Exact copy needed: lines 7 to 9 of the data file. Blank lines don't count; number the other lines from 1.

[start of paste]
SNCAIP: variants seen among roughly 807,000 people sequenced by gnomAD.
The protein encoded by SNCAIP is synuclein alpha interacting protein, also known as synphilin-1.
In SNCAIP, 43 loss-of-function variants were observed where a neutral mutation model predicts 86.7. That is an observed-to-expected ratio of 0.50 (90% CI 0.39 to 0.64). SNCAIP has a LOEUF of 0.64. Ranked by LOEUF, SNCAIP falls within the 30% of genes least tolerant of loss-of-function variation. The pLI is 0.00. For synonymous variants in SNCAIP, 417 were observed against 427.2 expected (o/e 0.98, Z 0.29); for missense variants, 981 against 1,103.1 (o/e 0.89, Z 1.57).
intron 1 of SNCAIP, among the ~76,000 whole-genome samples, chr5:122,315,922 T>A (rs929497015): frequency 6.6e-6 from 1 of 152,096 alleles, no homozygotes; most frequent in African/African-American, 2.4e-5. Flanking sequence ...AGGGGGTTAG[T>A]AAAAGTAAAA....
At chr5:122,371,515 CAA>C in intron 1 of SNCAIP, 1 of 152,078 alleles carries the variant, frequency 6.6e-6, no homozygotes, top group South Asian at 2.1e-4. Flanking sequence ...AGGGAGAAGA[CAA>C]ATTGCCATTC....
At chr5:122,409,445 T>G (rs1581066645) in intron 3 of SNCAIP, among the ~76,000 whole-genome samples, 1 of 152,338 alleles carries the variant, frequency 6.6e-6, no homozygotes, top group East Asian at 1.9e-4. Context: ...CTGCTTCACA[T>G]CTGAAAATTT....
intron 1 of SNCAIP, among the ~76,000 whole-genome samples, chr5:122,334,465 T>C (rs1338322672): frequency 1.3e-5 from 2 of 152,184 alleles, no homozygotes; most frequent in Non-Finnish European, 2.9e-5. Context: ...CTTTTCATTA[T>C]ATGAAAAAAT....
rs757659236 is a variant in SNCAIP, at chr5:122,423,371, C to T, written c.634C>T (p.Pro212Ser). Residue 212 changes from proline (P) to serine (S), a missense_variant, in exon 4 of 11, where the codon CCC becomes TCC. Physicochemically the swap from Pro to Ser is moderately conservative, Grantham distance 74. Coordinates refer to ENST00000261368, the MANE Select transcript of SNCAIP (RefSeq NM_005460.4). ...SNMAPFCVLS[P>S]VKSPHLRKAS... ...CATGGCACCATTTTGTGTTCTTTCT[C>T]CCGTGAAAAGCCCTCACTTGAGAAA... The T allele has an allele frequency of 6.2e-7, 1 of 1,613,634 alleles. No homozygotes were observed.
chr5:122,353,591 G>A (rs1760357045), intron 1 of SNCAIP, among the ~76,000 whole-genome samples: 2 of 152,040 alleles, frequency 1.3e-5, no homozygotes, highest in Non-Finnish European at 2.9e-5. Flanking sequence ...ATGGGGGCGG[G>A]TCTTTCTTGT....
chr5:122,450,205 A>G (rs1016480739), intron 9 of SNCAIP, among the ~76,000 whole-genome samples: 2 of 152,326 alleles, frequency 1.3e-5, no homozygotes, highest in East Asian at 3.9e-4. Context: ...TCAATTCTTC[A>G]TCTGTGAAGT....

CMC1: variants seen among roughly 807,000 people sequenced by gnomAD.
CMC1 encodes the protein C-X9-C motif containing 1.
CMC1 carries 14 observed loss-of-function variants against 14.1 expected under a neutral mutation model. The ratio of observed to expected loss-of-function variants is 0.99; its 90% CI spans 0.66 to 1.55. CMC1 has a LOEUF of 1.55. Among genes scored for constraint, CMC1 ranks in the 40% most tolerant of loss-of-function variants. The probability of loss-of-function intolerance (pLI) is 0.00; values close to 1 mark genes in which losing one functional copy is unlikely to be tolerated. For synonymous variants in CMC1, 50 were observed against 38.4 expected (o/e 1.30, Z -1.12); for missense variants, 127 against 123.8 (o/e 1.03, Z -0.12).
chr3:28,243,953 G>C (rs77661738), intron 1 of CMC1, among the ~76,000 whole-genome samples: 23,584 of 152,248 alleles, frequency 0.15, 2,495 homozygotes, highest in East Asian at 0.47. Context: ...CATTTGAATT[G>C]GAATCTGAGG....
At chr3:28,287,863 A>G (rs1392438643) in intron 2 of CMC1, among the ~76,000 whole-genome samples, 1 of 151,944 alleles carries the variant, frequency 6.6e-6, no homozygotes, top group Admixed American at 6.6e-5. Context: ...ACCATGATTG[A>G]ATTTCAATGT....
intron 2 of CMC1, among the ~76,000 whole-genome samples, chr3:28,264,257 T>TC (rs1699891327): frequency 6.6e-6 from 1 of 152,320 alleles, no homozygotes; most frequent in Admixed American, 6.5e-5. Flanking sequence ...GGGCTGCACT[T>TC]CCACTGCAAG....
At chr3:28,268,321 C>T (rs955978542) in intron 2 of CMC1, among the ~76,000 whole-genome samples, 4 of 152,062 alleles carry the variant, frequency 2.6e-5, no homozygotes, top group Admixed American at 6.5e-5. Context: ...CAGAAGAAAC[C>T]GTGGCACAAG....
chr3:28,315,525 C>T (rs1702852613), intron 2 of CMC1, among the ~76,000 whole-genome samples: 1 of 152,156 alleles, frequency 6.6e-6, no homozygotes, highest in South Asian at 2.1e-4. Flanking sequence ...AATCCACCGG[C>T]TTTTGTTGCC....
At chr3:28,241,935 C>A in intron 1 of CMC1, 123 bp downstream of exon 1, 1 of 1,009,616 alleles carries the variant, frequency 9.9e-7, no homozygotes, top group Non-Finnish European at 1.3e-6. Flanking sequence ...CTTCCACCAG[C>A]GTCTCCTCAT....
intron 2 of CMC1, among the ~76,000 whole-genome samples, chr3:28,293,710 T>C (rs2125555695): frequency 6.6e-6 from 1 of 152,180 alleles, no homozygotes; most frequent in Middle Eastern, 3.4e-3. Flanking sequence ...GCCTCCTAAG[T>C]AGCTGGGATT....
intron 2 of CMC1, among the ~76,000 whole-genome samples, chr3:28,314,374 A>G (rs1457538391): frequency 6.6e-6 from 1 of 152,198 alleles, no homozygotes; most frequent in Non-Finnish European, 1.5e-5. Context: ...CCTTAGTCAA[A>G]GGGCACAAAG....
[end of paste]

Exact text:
intron 1 of SNCAIP, among the ~76,000 whole-genome samples, chr5:122,334,465 T>C (rs1338322672): frequency 1.3e-5 from 2 of 152,184 alleles, no homozygotes; most frequent in Non-Finnish European, 2.9e-5. Context: ...CTTTTCATTA[T>C]ATGAAAAAAT....
rs757659236 is a variant in SNCAIP, at chr5:122,423,371, C to T, written c.634C>T (p.Pro212Ser). Residue 212 changes from proline (P) to serine (S), a missense_variant, in exon 4 of 11, where the codon CCC becomes TCC. Physicochemically the swap from Pro to Ser is moderately conservative, Grantham distance 74. Coordinates refer to ENST00000261368, the MANE Select transcript of SNCAIP (RefSeq NM_005460.4). ...SNMAPFCVLS[P>S]VKSPHLRKAS... ...CATGGCACCATTTTGTGTTCTTTCT[C>T]CCGTGAAAAGCCCTCACTTGAGAAA... The T allele has an allele frequency of 6.2e-7, 1 of 1,613,634 alleles. No homozygotes were observed.
chr5:122,353,591 G>A (rs1760357045), intron 1 of SNCAIP, among the ~76,000 whole-genome samples: 2 of 152,040 alleles, frequency 1.3e-5, no homozygotes, highest in Non-Finnish European at 2.9e-5. Flanking sequence ...ATGGGGGCGG[G>A]TCTTTCTTGT....